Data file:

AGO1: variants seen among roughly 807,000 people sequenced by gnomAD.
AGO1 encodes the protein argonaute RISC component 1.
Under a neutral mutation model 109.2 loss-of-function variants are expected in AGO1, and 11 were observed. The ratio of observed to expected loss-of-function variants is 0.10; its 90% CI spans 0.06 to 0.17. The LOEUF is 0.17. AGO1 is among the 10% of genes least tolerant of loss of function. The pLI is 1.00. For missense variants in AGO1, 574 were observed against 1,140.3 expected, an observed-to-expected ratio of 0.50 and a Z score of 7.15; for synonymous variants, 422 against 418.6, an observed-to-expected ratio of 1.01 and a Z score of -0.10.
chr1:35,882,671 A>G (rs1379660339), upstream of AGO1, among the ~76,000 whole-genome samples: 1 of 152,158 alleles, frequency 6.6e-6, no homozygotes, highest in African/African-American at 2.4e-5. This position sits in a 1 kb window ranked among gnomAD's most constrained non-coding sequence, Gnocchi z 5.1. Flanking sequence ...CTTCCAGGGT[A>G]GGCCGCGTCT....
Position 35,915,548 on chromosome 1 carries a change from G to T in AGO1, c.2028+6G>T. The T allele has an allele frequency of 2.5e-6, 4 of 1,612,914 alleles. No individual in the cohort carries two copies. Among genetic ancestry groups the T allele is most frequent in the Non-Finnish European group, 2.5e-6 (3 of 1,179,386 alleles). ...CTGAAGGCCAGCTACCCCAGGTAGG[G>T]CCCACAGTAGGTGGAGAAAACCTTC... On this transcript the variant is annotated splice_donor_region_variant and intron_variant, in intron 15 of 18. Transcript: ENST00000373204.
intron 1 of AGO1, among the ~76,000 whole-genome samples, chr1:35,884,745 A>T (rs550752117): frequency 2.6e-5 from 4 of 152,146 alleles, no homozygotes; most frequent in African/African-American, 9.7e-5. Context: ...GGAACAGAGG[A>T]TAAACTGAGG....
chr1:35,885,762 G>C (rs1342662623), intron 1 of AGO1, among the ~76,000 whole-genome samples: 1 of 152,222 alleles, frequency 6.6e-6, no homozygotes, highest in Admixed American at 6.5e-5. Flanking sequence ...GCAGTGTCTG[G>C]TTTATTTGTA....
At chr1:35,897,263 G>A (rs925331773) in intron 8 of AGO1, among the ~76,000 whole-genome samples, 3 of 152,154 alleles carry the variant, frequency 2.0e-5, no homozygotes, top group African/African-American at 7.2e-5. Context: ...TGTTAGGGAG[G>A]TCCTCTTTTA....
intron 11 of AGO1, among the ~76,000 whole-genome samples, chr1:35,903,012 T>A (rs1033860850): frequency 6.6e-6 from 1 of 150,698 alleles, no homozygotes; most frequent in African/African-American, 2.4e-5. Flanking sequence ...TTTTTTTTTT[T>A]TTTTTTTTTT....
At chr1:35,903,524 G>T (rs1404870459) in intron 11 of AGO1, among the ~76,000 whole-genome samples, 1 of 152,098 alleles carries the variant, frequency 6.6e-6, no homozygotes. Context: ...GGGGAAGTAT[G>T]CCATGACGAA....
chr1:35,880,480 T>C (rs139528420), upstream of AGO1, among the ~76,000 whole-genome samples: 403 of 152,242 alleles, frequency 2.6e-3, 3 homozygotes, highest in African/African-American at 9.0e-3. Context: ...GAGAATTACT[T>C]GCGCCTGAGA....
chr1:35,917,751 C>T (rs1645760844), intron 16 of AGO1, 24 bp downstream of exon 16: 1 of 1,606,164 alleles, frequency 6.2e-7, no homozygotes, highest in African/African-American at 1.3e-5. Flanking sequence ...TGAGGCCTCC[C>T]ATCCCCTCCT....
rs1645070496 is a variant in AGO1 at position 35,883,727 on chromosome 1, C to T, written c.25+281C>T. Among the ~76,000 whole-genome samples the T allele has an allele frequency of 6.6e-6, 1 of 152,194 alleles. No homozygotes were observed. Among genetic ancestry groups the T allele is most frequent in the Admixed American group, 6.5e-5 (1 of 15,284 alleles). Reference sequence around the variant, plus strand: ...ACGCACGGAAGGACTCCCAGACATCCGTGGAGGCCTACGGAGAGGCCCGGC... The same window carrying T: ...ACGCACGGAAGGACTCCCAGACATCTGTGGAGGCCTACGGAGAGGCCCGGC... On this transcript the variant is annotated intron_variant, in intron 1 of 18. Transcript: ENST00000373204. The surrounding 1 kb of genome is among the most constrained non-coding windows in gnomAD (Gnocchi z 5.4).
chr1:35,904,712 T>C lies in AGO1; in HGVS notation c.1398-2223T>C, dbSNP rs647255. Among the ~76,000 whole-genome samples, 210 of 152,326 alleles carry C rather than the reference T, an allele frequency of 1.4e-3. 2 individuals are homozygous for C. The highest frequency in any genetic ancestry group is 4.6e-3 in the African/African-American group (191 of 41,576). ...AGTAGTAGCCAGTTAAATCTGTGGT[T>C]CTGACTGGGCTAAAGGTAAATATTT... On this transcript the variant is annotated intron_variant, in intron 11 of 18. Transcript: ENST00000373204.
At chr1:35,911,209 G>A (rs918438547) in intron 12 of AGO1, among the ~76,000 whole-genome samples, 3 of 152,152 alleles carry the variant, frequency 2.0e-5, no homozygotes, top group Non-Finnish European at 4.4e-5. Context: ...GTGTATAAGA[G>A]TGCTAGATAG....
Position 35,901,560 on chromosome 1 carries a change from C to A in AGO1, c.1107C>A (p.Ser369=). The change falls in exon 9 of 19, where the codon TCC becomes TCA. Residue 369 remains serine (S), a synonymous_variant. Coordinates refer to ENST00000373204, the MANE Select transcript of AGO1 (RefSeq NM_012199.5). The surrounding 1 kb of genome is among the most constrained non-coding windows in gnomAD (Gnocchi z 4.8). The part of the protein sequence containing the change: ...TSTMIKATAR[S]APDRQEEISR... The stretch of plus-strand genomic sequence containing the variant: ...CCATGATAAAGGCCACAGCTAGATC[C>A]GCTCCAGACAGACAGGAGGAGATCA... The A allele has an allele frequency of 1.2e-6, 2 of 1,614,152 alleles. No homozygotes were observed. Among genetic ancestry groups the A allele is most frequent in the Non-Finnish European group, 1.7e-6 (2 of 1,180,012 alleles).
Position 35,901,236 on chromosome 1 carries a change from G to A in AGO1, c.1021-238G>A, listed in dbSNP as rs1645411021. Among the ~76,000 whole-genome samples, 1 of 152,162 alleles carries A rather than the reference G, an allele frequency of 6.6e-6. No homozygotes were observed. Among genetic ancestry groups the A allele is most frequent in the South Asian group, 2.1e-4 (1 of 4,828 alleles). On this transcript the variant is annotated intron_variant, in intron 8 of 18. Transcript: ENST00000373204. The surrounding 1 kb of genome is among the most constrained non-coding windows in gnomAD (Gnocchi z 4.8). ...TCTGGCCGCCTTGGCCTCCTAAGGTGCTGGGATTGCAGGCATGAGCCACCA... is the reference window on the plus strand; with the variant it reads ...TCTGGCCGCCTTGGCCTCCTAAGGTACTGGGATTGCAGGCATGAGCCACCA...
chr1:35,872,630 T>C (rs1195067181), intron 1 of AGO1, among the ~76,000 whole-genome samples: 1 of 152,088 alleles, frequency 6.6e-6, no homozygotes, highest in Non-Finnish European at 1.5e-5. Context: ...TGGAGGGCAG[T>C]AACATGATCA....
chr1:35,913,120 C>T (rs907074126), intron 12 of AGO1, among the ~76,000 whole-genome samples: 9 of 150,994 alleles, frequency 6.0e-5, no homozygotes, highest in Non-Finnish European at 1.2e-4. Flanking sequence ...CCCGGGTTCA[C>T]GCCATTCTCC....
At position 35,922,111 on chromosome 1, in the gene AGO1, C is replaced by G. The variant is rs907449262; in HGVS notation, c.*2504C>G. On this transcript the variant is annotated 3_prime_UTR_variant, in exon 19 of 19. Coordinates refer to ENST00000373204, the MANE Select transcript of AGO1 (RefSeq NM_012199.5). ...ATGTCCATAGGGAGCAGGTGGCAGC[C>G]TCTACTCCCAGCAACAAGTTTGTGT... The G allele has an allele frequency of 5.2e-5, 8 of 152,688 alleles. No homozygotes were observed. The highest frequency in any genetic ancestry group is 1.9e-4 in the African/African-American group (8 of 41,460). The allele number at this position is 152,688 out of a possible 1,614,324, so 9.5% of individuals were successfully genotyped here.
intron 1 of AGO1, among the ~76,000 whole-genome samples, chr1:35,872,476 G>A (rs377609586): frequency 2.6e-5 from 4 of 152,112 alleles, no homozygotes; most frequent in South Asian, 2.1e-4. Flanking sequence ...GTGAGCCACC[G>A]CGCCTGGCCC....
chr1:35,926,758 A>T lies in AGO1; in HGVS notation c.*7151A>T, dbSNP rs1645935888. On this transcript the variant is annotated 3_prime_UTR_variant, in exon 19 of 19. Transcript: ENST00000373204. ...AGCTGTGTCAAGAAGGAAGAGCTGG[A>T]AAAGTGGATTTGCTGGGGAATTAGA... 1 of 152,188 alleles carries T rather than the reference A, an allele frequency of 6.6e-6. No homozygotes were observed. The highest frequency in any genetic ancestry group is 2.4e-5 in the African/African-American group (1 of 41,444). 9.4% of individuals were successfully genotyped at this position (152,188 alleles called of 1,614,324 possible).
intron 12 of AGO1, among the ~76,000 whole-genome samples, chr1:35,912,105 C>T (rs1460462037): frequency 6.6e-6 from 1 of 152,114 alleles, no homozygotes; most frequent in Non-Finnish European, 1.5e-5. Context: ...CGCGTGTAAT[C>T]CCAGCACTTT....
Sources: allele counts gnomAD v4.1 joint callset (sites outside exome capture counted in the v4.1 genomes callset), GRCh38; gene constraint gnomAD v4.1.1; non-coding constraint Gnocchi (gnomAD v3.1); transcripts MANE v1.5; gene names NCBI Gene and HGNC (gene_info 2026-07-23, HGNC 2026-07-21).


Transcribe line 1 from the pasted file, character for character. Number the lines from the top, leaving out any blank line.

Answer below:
AGO1: variants seen among roughly 807,000 people sequenced by gnomAD.